Computers in Human Behavior
In this exploratory study, we examine young adult undergraduates’ (n = 448) opinions regarding the use of social media for employment decisions, a practice that has been highlighted in the popular press and recent legal cases. Most of the young adults in our sample were not in support of this practice (only one third were), and most expressed a liberal view of what should be permissible for posting on social media without the threat of job termination (e.g., less than half believed that posting illegal sexual behavior online should result in termination). Additionally, those who were most opposed to using social media in employment decisions were older, had less self-control, were more endorsing of the hookup culture, and were more open to experience. We discuss these findings with regard to current social media/work life issues, suggesting that: (1) these opinions may affect companies and legal entities who are developing social media policies, but also (2) that young adults need to be aware that regardless of their opinions on the practice, their social media use could have long-term effects on their careers.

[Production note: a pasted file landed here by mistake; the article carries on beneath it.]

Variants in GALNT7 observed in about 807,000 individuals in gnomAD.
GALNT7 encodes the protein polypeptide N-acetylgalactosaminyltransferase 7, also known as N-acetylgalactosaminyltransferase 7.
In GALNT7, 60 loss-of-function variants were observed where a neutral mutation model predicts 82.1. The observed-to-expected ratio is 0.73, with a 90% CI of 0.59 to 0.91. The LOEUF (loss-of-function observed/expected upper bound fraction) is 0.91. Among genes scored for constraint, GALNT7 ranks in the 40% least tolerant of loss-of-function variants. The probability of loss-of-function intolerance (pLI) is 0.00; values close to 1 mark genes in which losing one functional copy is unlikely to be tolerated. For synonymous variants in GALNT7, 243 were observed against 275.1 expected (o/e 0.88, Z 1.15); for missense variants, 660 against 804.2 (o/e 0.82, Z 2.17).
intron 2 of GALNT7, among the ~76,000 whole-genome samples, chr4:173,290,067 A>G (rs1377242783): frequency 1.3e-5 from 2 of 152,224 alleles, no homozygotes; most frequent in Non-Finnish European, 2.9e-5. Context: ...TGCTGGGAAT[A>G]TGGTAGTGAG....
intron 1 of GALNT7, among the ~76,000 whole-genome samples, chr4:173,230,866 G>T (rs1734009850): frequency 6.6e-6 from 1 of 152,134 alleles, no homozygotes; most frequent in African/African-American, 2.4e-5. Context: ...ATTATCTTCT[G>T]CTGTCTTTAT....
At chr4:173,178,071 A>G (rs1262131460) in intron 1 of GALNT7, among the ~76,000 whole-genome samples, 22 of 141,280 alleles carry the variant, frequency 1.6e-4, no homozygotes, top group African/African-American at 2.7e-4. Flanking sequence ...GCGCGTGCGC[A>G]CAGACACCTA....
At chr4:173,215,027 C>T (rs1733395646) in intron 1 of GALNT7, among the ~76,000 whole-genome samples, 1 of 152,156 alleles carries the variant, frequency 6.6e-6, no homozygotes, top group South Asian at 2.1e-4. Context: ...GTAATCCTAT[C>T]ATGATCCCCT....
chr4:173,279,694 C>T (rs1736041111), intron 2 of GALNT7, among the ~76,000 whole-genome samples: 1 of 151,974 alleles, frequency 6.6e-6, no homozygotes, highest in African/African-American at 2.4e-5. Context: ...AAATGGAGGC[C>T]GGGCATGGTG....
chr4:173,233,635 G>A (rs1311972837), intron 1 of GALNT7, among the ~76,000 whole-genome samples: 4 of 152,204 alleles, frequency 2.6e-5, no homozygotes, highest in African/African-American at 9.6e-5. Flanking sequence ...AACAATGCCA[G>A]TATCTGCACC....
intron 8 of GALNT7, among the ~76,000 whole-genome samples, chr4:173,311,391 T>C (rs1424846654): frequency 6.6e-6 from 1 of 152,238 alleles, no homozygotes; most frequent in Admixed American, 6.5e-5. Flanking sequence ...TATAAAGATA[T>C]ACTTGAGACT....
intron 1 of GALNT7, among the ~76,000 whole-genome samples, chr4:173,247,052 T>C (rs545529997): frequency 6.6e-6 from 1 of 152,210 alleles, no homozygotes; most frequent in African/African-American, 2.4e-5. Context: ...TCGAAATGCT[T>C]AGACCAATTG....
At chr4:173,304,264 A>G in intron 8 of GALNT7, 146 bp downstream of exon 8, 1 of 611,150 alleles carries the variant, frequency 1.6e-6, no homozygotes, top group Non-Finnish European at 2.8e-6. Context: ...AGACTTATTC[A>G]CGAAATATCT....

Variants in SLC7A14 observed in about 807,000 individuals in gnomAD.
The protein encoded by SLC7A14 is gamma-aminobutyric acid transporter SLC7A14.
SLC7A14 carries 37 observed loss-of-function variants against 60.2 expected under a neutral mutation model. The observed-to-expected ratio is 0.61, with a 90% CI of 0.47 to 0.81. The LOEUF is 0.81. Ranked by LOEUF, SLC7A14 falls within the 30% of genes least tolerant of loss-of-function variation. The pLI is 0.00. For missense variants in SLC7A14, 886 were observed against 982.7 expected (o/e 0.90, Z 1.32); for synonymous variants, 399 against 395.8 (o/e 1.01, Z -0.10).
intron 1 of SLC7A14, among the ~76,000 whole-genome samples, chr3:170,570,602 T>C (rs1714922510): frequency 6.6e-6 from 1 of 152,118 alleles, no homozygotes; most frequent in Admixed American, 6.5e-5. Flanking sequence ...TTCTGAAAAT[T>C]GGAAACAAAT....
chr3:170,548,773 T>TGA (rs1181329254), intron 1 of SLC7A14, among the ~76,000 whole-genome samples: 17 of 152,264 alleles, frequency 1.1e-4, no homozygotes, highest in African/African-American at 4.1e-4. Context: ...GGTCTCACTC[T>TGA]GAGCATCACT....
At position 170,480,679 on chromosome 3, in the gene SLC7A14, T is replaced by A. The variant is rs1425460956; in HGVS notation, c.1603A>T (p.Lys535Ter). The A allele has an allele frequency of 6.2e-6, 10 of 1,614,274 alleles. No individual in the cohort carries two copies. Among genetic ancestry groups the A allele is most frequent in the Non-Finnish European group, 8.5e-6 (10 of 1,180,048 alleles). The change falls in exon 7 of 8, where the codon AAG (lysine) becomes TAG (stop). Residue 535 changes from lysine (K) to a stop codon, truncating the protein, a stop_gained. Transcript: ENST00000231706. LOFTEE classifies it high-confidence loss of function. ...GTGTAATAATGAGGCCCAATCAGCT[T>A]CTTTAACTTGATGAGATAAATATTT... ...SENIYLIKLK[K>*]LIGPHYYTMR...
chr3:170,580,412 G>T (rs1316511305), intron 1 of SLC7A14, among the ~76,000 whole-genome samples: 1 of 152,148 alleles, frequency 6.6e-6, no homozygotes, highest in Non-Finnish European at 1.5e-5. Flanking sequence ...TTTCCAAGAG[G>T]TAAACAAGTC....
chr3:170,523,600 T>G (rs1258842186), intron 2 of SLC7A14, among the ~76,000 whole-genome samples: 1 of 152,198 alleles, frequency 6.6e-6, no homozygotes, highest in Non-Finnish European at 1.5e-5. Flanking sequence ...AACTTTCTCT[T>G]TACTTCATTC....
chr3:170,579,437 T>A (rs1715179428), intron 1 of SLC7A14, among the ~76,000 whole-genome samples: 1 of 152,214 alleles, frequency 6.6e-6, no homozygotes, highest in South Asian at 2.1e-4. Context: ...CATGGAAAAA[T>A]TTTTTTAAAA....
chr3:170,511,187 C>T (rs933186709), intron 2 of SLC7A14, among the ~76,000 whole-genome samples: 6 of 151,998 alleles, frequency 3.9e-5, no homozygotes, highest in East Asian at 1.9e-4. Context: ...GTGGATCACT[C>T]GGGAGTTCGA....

Social networking, Young adults, Job terminations, Psychological characteristics, Social media
Industrial and Organizational Psychology | Labor and Employment Law | Organizational Behavior and Theory | Social Psychology
Michelle Drouin, Kimberly W. O'Connor, Gordon B. Schmidt, and Dan A. Miller (2015).
Facebook Fired: Legal Perspectives and Young Adults' Opinions on the Use of Social Media in Employment Decisions. Computers in Human Behavior.46, 123-128. Elsevier.